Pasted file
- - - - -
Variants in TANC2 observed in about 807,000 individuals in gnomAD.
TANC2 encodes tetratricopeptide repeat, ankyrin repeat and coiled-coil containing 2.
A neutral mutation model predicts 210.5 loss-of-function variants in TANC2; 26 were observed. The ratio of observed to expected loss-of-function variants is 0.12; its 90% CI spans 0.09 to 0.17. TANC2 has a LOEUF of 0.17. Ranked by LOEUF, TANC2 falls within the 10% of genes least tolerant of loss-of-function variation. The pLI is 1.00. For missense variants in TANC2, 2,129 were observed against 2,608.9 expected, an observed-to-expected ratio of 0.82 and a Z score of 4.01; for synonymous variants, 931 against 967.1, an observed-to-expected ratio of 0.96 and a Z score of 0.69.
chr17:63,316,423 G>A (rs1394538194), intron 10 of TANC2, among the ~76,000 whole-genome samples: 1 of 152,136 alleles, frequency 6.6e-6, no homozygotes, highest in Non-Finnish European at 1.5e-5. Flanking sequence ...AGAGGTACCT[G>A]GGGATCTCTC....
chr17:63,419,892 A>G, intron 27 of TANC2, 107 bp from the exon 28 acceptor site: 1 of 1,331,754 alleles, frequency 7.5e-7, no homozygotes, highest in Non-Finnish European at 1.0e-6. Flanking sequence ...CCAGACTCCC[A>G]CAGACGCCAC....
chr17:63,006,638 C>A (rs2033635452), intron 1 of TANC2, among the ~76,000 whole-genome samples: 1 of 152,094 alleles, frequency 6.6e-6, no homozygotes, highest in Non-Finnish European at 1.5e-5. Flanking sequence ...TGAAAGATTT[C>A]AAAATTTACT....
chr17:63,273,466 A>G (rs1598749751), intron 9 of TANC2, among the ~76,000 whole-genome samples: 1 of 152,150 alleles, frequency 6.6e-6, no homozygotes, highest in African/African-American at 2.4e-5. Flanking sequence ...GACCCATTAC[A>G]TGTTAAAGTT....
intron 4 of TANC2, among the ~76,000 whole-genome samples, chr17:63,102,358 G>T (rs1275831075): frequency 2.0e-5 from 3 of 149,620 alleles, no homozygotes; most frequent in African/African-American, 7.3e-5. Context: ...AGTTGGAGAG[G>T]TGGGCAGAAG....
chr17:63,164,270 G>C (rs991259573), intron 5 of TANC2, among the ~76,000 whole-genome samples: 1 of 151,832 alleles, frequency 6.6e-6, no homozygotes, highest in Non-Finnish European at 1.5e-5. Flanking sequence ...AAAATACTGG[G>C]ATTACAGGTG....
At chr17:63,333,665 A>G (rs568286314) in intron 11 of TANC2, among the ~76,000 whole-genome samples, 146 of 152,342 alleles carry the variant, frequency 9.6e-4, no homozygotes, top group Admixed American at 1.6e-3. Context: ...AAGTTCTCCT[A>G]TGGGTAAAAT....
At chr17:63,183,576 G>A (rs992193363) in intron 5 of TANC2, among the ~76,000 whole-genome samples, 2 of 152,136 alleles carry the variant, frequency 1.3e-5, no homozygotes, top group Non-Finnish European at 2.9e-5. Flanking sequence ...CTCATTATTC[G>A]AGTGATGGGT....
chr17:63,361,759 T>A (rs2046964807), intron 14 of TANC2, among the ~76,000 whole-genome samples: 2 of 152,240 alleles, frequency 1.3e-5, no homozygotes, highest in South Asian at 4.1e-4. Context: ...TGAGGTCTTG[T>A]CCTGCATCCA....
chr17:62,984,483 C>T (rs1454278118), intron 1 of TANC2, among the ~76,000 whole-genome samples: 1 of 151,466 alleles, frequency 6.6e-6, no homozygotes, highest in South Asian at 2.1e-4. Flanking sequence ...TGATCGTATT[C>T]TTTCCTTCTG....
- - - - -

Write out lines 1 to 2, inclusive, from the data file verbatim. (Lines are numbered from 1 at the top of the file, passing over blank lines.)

Variants in TANC2 observed in about 807,000 individuals in gnomAD.
TANC2 encodes tetratricopeptide repeat, ankyrin repeat and coiled-coil containing 2.